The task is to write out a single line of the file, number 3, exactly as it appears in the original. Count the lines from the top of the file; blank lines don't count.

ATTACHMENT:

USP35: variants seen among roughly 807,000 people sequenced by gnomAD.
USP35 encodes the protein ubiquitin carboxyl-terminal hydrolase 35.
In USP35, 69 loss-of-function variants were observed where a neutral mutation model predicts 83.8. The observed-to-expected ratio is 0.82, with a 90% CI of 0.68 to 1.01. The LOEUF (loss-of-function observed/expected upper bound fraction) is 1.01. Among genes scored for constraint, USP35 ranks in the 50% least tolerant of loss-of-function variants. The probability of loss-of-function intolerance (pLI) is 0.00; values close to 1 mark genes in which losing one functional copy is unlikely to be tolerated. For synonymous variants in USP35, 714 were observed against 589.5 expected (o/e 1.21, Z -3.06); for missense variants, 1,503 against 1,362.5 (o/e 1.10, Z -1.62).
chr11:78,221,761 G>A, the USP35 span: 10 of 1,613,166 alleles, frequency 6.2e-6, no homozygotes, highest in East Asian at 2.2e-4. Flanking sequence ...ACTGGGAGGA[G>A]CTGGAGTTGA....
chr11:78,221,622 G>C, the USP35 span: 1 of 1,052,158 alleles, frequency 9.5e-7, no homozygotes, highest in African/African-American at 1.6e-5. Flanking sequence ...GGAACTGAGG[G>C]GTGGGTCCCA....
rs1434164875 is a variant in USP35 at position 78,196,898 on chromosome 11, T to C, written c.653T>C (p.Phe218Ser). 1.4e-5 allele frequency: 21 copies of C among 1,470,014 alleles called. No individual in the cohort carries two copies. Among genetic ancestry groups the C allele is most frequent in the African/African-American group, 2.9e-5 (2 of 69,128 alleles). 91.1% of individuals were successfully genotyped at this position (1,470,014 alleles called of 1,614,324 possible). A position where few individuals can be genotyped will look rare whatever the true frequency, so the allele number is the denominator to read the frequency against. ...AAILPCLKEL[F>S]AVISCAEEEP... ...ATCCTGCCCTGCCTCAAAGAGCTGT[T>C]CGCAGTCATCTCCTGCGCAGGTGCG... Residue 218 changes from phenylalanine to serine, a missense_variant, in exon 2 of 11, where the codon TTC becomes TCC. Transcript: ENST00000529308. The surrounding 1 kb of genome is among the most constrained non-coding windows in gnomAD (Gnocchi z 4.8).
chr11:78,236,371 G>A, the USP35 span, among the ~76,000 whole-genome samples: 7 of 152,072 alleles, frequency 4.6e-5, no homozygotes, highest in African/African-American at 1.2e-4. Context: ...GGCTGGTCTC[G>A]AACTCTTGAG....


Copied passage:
In USP35, 69 loss-of-function variants were observed where a neutral mutation model predicts 83.8. The observed-to-expected ratio is 0.82, with a 90% CI of 0.68 to 1.01. The LOEUF (loss-of-function observed/expected upper bound fraction) is 1.01. Among genes scored for constraint, USP35 ranks in the 50% least tolerant of loss-of-function variants. The probability of loss-of-function intolerance (pLI) is 0.00; values close to 1 mark genes in which losing one functional copy is unlikely to be tolerated. For synonymous variants in USP35, 714 were observed against 589.5 expected (o/e 1.21, Z -3.06); for missense variants, 1,503 against 1,362.5 (o/e 1.10, Z -1.62).